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Forum Post: a Debate on Labor’s Role in 2012 Campaign - get the whole thing on democracynow

Posted 2 years ago on March 16, 2012, 6:56 a.m. EST by flip (7038)
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ARTHUR CHELIOTES: Look at the choices. We live in an alleged democracy, but basically we have two choices to make. And there is no doubt that Barack Obama is the better choice. And so, we have to—we live in this real world. It’s not a theoretical world. And we don’t have the luxury of standing on the sidelines. We have to engage. And given these choices, it is clearly for Barack Obama, for what he’s done, the appointments that he’s made, the difference he’s made to the National Labor Relations Board, the economic recovery, the $7.8 billion that he put into the Recovery Act. All of these things make it clear that, given the alternative that the Republicans are offering—I mean, they want a theocracy, it seems. It’s crazy. And so, we made the obvious choice.

MIKE ELK: Well, first, let me point out something. In my article, I quoted the president of the South Carolina AFL-CIO, who was critical of the AFL-CIO’s very, very early endorsement of President Obama, about six months before the even Democratic National Convention. And just to give you an idea of how much organized labor doesn’t want this to be talked about, Donna Dewitt, the president of the South Carolina AFL-CIO, was called by a top AFL-CIO official and reminded that the AFL-CIO funds her, and they don’t expect this kind of behavior. It was an implicit threat, because this is an embarrassing subject for organized labor to talk about.

You know, despite the talk of political independence that many in organized labor have been talking about for the last year, organized labor is still stuck in this Stockholm Syndrome of President Obama. Sure, it’s one thing to, you know, vote against Romney. It’s another to say, as Richard Trumka did, that Obama has been fighting aggressively for workers and unions. Let’s look at the last month alone. Obama has passed three very anti-worker measures. Let’s look at one. He passed an anti-union FAA bill, which, Arthur, your own president, Larry Cohen, described as making the rights of airline workers to unionize worse than it ever was. Union rights for airline workers are now worse than they were under Bush. And this is the only piece— LARRY COHEN: It means that, by statute, workers that are gone forever, 10 years, 20 years, it could be anything. Employer puts them on the list. You need a majority of the whole list, so you don’t even get an election. And the one provision, the one advancement since the 2008 elections that we have, the only advancement in the entire country, as we’re under attack every minute? That’s a rule. That’s not even in this statute. The leadership in the Senate didn’t even see fit to include in this gutting of the statute the rule that Delta is objecting to in the first place, the rule that says, oh, it’s a majority of those voting, not a majority of the whole electorate—if you can get to an election. So they’ve changed the rules to get to an election. You now need 50 percent of the so-called electorate. But our one little crumb of an advancement is left as a rule. So the day there’s ever a Republican president elected—and there’s now two Republicans and one Democrat—they’re going to strip the rule. The statue will remain. It’s worse than it’s ever been.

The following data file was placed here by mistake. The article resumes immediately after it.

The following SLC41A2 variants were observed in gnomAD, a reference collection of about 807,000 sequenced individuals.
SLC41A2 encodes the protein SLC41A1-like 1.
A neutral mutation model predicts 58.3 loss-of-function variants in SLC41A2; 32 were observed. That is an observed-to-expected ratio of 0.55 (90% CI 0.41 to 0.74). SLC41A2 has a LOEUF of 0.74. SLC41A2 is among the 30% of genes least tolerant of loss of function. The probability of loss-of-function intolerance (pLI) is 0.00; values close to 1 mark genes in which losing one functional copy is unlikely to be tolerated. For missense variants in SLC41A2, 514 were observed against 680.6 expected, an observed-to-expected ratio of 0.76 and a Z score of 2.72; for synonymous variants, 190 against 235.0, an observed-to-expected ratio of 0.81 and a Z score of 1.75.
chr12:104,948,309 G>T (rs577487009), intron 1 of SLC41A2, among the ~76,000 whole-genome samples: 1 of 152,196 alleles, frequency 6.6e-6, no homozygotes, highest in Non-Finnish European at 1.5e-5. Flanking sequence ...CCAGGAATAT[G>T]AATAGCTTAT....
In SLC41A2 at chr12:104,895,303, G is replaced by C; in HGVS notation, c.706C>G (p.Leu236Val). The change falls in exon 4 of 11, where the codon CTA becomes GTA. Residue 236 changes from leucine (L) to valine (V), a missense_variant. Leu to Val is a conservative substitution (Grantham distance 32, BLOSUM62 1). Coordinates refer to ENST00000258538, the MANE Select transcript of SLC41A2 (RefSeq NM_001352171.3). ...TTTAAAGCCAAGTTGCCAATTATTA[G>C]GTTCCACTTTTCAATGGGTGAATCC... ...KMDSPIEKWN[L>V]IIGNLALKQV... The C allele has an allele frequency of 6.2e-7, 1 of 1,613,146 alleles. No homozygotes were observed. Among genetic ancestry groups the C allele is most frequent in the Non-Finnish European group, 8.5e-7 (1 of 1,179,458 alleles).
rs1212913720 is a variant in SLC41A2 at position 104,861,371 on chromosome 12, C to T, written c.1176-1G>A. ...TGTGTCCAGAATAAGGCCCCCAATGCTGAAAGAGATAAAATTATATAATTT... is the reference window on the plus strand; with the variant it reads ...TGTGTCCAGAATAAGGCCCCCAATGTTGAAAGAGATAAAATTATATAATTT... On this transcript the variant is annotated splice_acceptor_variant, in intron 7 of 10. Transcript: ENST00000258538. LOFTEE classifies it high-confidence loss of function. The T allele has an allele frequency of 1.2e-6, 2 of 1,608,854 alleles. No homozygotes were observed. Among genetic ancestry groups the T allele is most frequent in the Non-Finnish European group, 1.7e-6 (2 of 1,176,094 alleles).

ARTHUR CHELIOTES: I was at that conference were Larry gave that speech, and we lobbied hard at the Congress to see if we could get the Senate to not make those changes. It was attached to the FAA funding bill, which would have crippled the FAA. And we tried to speak to our senators to have them understand how important this was, because it was Obama’s appointees to the National Mediation Board that changed the rule and said, no, it’s wrong that when you go to an election in a—under the Railway Labor Act, that you’re required to have a majority of all the workers in the organization, not just a majority of those voting. And they changed that. And the reaction of the industry was to work with the Republicans in the Senate and attach this to this important funding bill. And so, it was held hostage. And yes, the President had to make a decision: is this something worth shutting down the FAA over? And he made the decision to sign it. Difficult decision, but not for his lack of trying. The blame there rests clearly with the Senate. MIKE ELK: [inaudible] agree that that’s true. But here’s the issue. Why are we endorsing six months early? Look what happened at CWA after they endorsed. Obama signed a bill rolling back their organizing rights. That happened a few days after Obama—CWA endorsed Obama.